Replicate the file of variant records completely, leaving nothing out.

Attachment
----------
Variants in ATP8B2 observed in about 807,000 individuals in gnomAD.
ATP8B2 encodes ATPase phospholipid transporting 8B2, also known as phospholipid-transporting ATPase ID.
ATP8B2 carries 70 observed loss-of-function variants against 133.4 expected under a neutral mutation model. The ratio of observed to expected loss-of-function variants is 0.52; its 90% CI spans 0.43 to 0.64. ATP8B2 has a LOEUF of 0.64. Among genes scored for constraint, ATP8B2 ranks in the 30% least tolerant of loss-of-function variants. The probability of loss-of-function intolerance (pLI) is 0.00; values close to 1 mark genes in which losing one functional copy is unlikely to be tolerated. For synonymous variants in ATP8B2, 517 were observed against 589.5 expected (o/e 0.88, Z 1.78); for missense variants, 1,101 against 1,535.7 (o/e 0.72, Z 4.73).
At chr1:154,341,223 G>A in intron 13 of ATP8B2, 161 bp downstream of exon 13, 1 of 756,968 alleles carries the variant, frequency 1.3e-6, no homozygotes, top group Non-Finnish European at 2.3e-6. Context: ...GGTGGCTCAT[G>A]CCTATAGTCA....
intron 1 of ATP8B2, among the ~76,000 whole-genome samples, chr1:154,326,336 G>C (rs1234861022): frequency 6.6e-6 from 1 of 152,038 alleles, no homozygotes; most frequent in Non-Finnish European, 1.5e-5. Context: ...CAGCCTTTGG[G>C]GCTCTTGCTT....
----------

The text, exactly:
Variants in ATP8B2 observed in about 807,000 individuals in gnomAD.
ATP8B2 encodes ATPase phospholipid transporting 8B2, also known as phospholipid-transporting ATPase ID.
ATP8B2 carries 70 observed loss-of-function variants against 133.4 expected under a neutral mutation model. The ratio of observed to expected loss-of-function variants is 0.52; its 90% CI spans 0.43 to 0.64. ATP8B2 has a LOEUF of 0.64. Among genes scored for constraint, ATP8B2 ranks in the 30% least tolerant of loss-of-function variants. The probability of loss-of-function intolerance (pLI) is 0.00; values close to 1 mark genes in which losing one functional copy is unlikely to be tolerated. For synonymous variants in ATP8B2, 517 were observed against 589.5 expected (o/e 0.88, Z 1.78); for missense variants, 1,101 against 1,535.7 (o/e 0.72, Z 4.73).
At chr1:154,341,223 G>A in intron 13 of ATP8B2, 161 bp downstream of exon 13, 1 of 756,968 alleles carries the variant, frequency 1.3e-6, no homozygotes, top group Non-Finnish European at 2.3e-6. Context: ...GGTGGCTCAT[G>A]CCTATAGTCA....
intron 1 of ATP8B2, among the ~76,000 whole-genome samples, chr1:154,326,336 G>C (rs1234861022): frequency 6.6e-6 from 1 of 152,038 alleles, no homozygotes; most frequent in Non-Finnish European, 1.5e-5. Context: ...CAGCCTTTGG[G>C]GCTCTTGCTT....